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I'm sure all of the engines mentioned by the OP have positional aspects to their evaluation functions. The user's problem is that this evaluation process is typically a black box. The various evaluation criteria (material count and various positional adjustments) go into the black box, and a final evaluation number gets spit out and presented to the user...This line is +1.24. OK, fine, but that number doesn't tell the user whether the line is tactical, positional, or some combination of the two. It takes a strong, knowledgeable person to understand what the line is doing.
Did you mean this one?
Or this one?
Use Stockfish because it is free and open source software as compared to the proprietary Houdini, and the two are constantly back in forth in strength. "None of the engines mentioned above play postional/strategic chess and in the event that any of these engines do suggest or plate a positional move is simply sheer luck and that it played or suggested the move solely because of the highest value and it had no idea the move necessary had any postional merits?"I think you misunderstand. These engines are programmed to evaluate a position based on specific criteria. For instance the engines DO "understand" the positional idea of making pawn breaks to open the board up when holding the bishop pair. But you have to keep in mind that this "understanding" is not the same as that of a GM's. You cannot learn very well from an engine because it doesn't comprehend what exactly made the move a wise choice; all it knows is that according to the numbers the move is best according to its searching through hundreds of thousands of lines. A GM and an engine could both recommend the same move to you but only the GM can stop and say "This move is good because white does not have enough compensation for the doubled pawns and black will have excellent endgame prospects." You could spend hours reading engine analysis and never reach this conclusion. You would be left guessing at what exactly made the move so strong. The reason for this is simple: unless you are a robot the method a computer uses to reach a move is totally useless to you. If you want to become good at chess you have to master the pieces, how they interact, and patterns. An engine can show you when a move is bad. That's it. You can't even use it to decide if a move is good or not because your analysis might be flawed yet the move is powerful for a completely different reason.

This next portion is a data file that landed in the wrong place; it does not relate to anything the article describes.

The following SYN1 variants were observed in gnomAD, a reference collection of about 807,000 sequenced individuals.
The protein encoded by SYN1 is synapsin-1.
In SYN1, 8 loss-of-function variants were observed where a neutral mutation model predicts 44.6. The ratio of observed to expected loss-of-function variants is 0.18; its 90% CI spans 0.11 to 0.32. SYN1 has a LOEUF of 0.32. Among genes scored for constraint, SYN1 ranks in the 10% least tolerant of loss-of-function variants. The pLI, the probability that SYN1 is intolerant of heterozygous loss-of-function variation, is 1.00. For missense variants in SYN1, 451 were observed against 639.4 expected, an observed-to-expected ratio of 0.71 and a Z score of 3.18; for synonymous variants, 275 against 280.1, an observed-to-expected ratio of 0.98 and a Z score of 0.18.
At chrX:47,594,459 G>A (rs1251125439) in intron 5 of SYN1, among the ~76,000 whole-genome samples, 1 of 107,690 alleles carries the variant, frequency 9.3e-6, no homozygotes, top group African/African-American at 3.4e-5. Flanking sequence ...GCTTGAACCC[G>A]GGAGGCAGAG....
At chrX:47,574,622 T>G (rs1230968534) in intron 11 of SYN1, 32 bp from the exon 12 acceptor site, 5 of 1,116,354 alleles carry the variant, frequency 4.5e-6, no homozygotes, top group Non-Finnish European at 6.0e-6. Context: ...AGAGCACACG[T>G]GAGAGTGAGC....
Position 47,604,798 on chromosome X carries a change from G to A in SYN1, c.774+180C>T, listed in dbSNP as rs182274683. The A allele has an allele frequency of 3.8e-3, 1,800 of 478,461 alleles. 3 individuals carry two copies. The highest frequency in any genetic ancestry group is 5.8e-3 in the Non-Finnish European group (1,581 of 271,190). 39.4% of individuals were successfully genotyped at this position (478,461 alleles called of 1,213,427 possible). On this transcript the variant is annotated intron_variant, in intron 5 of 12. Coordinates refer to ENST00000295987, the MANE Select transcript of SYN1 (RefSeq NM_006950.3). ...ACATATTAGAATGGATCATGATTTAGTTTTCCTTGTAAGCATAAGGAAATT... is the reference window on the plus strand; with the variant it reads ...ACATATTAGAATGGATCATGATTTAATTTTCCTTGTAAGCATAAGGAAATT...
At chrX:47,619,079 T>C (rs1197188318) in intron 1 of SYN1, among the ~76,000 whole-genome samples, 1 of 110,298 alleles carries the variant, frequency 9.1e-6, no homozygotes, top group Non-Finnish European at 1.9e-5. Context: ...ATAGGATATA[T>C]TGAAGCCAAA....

No, the Turk plays the Ruy Lopez Deferred Exchange variation poorly...mine not only plays all variations of the Ruy Lopez, it actually fries liver when it plays the Fried Liver Attack...
interesting and instructive thread
May be it would be a good idea to modify the UCI standard in a way that components of the evaluation function could be reported by engines and displayed by chess interfaces instead of a single position value.
The only concrete thing I can say about the choice of engine for manual analysis is that you want the engine to have multi-PV (multiple principal variations) cabability. I'm not familiar with all of those engines, and I don't know if they are all multi-PV capable. If an engine doesn't have that, then I would cross it off the list.
All major engines have muli-PV. I have not tested all the engines in the Top 20 but I'm pretty sure they all have it.
Since the vast majority of games below master level (and probably a very large number at master level and higher) are lost because of tactics or short term calculation, I'm sure any engine rated 2500-2600 and up will point out the rather huge number of embarrassing moves we make during a game.
I myself use Arena and Rybka 2.3.2a, I'll check out that Stockfish next.I'd say at this point, the game program interface, stability, features and how smoothly it runs is now more important than which of the top 40 chess engines we use.
The old Bringer GUI (ver 1.9) separated the static score into a material number and a positional number.
I don't think you can say that, exactly. The algorithms are programmed by humans, and different engines have different strengths and emphasis. As a general rule I think most engines rate positions by material balance, but what is a good line as seen 10 or more moves ahead is likely to have a lot of strategical or positional merit. Remember that these engines are rated above 3000 and Magnus is "only" 2800+.
The problem is that the engines cannot tell you why a move is good except to show you the resulting lines and results of those lines. They are not teachers, they are analyzers.
The source-code of Stockfish is free to look at. And for this one I can say that the value of a position consists of way more than simply material-balance.
There's all sorts of evaluation-boni/mali for certain positional factors like open files, doubled pawns, doubled rooks, rooks on rank 7 or 8.
I think if one would want, one could make an engine write an "explanation" for a move like where it breaks down all the components that lead to the evaluation result and it should almost look like a good annotation.
Fritz 13 attempts to do that, but the comments are repetitive and nothing like a coach would comment. I'm sure there are other factors than simple material gain involved. What was instructive to me (and I'm not a programmer) is listening to commentators like Nigel Short during the candidates matches when he would dismiss the computer (Houdini 3?) evaluations at certain times, only to have the computer re-adjust the scoring in a move or two to conform to Short's evaluations.
Is there any chance that a 1300 rated player can beat a 2700 rated player?
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